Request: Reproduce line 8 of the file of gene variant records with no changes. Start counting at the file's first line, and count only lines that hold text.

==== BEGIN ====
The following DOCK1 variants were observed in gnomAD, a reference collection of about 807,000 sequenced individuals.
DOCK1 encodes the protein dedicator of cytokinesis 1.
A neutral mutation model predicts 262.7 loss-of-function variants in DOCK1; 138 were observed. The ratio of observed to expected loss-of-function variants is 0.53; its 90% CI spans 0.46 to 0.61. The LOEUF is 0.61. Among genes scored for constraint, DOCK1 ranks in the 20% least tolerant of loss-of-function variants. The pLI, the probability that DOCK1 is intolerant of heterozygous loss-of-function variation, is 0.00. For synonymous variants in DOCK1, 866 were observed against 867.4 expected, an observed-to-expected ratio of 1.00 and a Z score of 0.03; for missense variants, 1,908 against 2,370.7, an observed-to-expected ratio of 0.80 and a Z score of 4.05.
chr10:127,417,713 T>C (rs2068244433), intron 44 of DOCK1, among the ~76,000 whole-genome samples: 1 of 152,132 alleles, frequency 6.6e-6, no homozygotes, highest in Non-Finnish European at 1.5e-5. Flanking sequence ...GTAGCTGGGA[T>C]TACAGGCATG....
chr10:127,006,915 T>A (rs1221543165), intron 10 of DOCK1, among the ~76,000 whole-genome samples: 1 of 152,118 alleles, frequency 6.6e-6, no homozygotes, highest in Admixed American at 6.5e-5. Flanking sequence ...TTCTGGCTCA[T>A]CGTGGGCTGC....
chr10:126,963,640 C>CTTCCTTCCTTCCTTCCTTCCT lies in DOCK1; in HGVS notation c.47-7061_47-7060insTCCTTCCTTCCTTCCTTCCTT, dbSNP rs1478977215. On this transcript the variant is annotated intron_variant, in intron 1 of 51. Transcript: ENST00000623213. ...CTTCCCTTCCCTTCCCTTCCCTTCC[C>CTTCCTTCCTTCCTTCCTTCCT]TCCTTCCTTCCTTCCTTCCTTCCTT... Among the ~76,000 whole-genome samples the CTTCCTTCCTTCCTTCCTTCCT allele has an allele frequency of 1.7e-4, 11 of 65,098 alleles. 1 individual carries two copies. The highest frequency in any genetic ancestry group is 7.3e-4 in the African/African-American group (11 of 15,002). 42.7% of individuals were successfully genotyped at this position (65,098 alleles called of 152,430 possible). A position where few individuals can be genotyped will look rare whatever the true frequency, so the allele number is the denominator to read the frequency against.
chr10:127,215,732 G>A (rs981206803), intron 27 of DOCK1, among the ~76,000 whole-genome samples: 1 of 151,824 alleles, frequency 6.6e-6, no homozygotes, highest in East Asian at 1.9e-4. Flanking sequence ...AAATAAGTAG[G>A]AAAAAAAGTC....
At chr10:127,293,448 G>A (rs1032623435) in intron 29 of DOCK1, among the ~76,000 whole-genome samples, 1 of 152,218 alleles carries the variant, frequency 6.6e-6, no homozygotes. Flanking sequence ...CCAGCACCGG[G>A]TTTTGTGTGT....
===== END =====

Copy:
At chr10:127,293,448 G>A (rs1032623435) in intron 29 of DOCK1, among the ~76,000 whole-genome samples, 1 of 152,218 alleles carries the variant, frequency 6.6e-6, no homozygotes. Flanking sequence ...CCAGCACCGG[G>A]TTTTGTGTGT....